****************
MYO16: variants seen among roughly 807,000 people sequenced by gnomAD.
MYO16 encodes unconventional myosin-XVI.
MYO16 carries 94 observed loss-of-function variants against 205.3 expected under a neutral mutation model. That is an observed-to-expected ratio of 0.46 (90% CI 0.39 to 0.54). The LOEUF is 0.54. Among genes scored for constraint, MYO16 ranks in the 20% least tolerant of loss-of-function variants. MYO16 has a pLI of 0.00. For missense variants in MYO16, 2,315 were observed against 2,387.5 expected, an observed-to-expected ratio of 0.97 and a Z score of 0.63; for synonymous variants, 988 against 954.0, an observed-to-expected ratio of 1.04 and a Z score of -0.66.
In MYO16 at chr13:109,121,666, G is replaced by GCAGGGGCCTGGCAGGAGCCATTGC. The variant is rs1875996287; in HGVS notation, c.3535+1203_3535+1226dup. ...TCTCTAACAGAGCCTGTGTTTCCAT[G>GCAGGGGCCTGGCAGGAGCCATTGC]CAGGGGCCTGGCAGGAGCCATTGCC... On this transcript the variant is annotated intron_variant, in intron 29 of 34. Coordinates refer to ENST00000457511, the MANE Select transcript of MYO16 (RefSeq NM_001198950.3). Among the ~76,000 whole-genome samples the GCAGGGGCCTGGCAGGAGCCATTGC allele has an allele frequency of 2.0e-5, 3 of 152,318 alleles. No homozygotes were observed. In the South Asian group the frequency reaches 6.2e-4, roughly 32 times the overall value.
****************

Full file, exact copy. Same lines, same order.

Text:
MYO16: variants seen among roughly 807,000 people sequenced by gnomAD.
MYO16 encodes unconventional myosin-XVI.
MYO16 carries 94 observed loss-of-function variants against 205.3 expected under a neutral mutation model. That is an observed-to-expected ratio of 0.46 (90% CI 0.39 to 0.54). The LOEUF is 0.54. Among genes scored for constraint, MYO16 ranks in the 20% least tolerant of loss-of-function variants. MYO16 has a pLI of 0.00. For missense variants in MYO16, 2,315 were observed against 2,387.5 expected, an observed-to-expected ratio of 0.97 and a Z score of 0.63; for synonymous variants, 988 against 954.0, an observed-to-expected ratio of 1.04 and a Z score of -0.66.
In MYO16 at chr13:109,121,666, G is replaced by GCAGGGGCCTGGCAGGAGCCATTGC. The variant is rs1875996287; in HGVS notation, c.3535+1203_3535+1226dup. ...TCTCTAACAGAGCCTGTGTTTCCAT[G>GCAGGGGCCTGGCAGGAGCCATTGC]CAGGGGCCTGGCAGGAGCCATTGCC... On this transcript the variant is annotated intron_variant, in intron 29 of 34. Coordinates refer to ENST00000457511, the MANE Select transcript of MYO16 (RefSeq NM_001198950.3). Among the ~76,000 whole-genome samples the GCAGGGGCCTGGCAGGAGCCATTGC allele has an allele frequency of 2.0e-5, 3 of 152,318 alleles. No homozygotes were observed. In the South Asian group the frequency reaches 6.2e-4, roughly 32 times the overall value.